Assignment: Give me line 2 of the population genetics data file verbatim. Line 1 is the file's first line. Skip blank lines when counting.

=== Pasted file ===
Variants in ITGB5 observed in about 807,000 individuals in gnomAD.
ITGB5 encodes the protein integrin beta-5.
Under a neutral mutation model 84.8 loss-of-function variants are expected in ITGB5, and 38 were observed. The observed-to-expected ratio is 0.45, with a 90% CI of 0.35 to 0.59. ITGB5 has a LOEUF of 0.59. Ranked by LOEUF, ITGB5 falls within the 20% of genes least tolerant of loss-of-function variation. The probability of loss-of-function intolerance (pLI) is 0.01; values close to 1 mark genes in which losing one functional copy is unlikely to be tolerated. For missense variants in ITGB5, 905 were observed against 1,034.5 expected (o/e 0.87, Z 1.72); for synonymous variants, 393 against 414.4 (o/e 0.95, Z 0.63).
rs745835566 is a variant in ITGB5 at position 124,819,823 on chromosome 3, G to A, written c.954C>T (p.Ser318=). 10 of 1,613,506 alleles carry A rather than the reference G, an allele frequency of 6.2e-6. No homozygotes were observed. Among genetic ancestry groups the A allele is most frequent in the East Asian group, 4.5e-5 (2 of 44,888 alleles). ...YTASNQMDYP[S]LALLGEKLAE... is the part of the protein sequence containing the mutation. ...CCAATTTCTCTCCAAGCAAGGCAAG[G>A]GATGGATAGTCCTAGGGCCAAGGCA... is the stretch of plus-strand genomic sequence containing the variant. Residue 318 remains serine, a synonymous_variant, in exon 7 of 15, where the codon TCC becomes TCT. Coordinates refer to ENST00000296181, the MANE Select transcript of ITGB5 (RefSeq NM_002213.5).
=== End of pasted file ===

ITGB5 encodes the protein integrin beta-5.